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Pesquisa Agropecuária Brasileira

Print version ISSN 0100-204XOn-line version ISSN 1678-3921

Pesq. agropec. bras. vol.51 no.8 Brasília Aug. 2016

https://doi.org/10.1590/S0100-204X2016000800010 

SOIL SCIENCE

Soil moisture and soybean physiology affected by drought in an integrated crop-livestock system

Umidade do solo e fisiologia da soja afetados por estiagem em sistema de integração lavoura-pecuária

Amanda Posselt Martins(1) 

Sérgio Ely Valadão Gigante de Andrade Costa(1) 

Ibanor Anghinoni(1) 

Taise Robinson Kunrath(1) 

Diego Cecagno(1) 

José Miguel Reichert(2) 

Fabrício Balerini(1) 

Lúcia Rebello Dillenburg(1) 

Paulo César de Faccio Carvalho(1) 

(1)Universidade Federal do Rio Grande do Sul, Faculdade de Agronomia, Avenida Bento Gonçalves, no 7.712, CEP 91540-000 Porto Alegre, RS, Brazil. E-mail: amandaposselt@gmail.com, sergioelycosta2011@hotmail.com, ibanghi@ufrgs.br, taiserk@gmail.com, dcecagno@hotmail.com, balerinifabricio@gmail.com, lucia.dillenburg@ufrgs.br, paulocfc@ufrgs.br

(2)Universidade Federal de Santa Maria, Centro de Ciências Rurais, Departamento de Solos, Avenida Roraima, no 1.000, Cidade Universitária, Camobi, CEP 97105-900 Santa Maria, RS, Brazil. E-mail: reichert@ufsm.br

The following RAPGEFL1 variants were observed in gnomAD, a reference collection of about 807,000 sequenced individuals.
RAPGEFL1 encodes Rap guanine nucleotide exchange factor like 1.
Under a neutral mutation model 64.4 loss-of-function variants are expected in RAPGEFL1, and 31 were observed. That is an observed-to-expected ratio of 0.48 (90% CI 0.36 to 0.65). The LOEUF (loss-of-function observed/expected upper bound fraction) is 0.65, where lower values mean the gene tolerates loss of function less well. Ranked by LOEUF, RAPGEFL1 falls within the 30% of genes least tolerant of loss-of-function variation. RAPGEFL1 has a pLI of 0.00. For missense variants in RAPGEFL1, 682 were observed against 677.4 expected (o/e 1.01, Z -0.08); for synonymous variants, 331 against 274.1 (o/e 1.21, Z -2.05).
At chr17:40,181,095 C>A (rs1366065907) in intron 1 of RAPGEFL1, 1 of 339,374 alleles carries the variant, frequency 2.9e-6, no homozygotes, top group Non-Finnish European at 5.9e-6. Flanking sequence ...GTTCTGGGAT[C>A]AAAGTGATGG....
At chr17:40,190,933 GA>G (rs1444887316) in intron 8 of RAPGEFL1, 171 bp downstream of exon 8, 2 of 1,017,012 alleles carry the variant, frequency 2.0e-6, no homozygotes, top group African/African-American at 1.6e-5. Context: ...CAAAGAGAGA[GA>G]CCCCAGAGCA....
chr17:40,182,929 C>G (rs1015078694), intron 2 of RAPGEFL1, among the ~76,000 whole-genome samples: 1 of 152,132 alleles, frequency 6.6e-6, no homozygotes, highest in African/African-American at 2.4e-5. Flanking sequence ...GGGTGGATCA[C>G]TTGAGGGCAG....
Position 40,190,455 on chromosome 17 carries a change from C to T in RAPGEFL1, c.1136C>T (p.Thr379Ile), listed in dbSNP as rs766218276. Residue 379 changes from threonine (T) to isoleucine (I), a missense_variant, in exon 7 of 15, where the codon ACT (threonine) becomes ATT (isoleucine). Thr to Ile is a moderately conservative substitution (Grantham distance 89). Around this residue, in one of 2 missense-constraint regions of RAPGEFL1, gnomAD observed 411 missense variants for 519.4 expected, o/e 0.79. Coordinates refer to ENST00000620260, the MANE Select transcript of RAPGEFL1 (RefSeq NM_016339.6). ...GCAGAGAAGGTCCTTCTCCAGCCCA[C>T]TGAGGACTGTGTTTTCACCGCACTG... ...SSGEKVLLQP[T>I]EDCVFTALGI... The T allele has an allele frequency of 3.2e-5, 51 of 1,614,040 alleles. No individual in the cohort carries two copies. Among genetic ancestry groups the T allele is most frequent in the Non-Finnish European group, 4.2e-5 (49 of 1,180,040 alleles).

Abstract:

The objective of this work was to evaluate the impact of grazing intensities after 11 years of an integrated crop-livestock system, under no-tillage, on soil moisture and soybean physiological parameters during a summer season affected by drought. The experiment was established in 2001 on a Rhodic Hapludox. Treatments consisted in the succession of soybean (summer) and a mixed pasture of black oat + Italian ryegrass (winter), under different beef-cattle grazing intensities: intensive grazing, with 0.10-m pasture height; moderate grazing, with 0.20-m pasture height; and no grazing. During the soybean cycle, in the 2011/2012 crop season, rainfall was 40% of the climatological normal. The soil moisture was within the limits of available water both under moderate grazing and no grazing, at 0.00-0.50-m soil depth, but, under intensive grazing, it was below the permanent wilting point, especially up to the grazing height of 0.20 m. Intensive grazing affected negatively the plant physiology parameters, reaching peaks of -2.5 MPa and +6°C for leaf water potential and leaf-air temperature difference, respectively. Moderate grazing or the absence of grazing, during the winter season, results in similar physiological responses, contributing to soybean plant homeostasis.

Index terms: Glycine max; leaf temperature; leaf water potential; water availability

Resumo: